He had been asked to sit with a friend of his bishop. The local priests were simply too busy to mark the passing of another life, and, I suppose, the bishop back east had more important work to do as well. But the priest set aside his work and went. Keep in mind, these people were family friends of a bishop. And as he sat and watched the husband seemingly unwilling to die, the priest turned to the soon-to-be widow and asked her “have you given your husband’s care to God?” “No, it’s too hard. I don’t want to lose him.” Softly, tenderly, the priest reminded her that she was not losing her husband, she was giving him the freedom to go home to the Lord, the Lord who had promised to redeem even death. She remarked it was hard to see her husband like this. Once again, the priest reminded her that we cannot protect any of those whom we love, really protect them. We give their care to God and trust that He will care for them. And when they stumble, we trust He will redeem their missteps. That is His promise to us.
So many of us, hopefully, as we reflect this week upon our lives and upon our Lord's calling of each one of us, will think of those things and those people whom we served before God called us. Some of us may have sold ourselves, our very identities, in pursuit of a paycheck or a career. Some of us may have sold ourselves to addictions in search of something to numb the pain that we felt in our lives. Some of us may have sought out destructive relationships thinking that we could never find love. And then He called. The God Incarnate Man Divine called to us. We heard His offer. And we accepted! And all He asked of us was for us to allow Him save us, and then to use us to reach others in our lives. So many kings in this world demand. They demand taxes. They demand military service. They demand honor. And yet, God's King, the One who saved each one of us, does not even demand of us that we serve Him for what He has done for us. Though He has acted to free each of us and all whom we encounter, He gives us a choice. "Please let Me save you." "Please serve Me." “Come, follow Me.” And, typical of Him, we are all free to reject Him. And many whom we encounter do.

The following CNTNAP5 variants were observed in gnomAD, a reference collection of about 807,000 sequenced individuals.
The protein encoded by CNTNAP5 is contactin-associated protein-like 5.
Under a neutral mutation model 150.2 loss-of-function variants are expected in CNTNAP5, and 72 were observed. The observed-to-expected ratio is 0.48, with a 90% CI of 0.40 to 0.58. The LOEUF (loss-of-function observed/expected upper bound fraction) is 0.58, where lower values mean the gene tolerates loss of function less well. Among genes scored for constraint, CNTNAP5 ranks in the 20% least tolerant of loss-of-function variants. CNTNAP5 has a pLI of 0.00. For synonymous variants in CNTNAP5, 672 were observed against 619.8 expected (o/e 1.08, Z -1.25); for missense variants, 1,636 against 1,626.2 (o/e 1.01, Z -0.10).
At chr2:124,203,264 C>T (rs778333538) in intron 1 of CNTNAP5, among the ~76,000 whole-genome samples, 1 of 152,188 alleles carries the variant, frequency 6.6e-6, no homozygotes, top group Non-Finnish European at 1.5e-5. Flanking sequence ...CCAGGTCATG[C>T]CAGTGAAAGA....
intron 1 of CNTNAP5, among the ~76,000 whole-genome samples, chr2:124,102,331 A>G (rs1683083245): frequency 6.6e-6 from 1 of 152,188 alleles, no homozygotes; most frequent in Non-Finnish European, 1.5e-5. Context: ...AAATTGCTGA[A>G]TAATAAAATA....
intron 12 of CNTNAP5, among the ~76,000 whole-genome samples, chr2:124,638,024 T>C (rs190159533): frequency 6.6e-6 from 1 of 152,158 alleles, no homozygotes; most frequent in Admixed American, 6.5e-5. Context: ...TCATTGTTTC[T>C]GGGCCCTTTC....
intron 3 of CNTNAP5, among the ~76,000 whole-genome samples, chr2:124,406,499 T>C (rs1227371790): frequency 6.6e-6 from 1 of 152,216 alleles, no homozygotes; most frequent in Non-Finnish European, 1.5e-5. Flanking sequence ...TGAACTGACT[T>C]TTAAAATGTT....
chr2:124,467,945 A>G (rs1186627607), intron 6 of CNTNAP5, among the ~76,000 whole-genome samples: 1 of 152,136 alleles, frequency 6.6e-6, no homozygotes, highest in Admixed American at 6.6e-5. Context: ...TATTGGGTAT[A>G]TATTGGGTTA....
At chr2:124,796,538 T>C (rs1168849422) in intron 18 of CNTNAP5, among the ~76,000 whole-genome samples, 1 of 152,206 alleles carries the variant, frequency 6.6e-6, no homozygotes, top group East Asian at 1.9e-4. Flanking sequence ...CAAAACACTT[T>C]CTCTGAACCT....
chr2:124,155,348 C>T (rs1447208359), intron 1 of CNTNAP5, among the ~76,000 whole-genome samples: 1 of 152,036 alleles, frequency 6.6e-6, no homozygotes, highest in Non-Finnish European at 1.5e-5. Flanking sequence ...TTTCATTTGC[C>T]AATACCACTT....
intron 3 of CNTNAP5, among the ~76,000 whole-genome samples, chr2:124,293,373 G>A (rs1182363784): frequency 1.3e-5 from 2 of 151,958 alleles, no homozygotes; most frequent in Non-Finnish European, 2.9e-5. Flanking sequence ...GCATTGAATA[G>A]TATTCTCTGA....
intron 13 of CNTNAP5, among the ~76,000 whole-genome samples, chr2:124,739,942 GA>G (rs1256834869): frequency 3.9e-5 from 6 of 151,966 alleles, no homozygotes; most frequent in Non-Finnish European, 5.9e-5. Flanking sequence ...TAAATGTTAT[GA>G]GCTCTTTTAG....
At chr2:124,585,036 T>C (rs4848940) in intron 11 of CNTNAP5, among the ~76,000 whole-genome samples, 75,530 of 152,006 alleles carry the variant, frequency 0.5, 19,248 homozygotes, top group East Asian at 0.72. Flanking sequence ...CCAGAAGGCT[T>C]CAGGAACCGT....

And yet, that is the very message you and I are called to carry into the world. That is the truth that Jesus expects His disciples to hear, to remember, and to share. Yes, people will be like Pilate. "What is truth?" will ring out many times in our lives. Yet Jesus has called us all into relationship with Him. He has asked to be our King. Will we let Him? And if we do, will the world be able to tell that He is our King? Brothers and sisters, our King has asked you to give Him control and trust over everything in your life, even your death. As we end this liturgical year and begin a new one, what parts of your life are you withholding? Where are you, like those whom I met last week, determined to enslave yourself to another? Brothers and sisters, He called us into relationship with Him. He called us to love Him. And best of all, He has promised to free each one of us!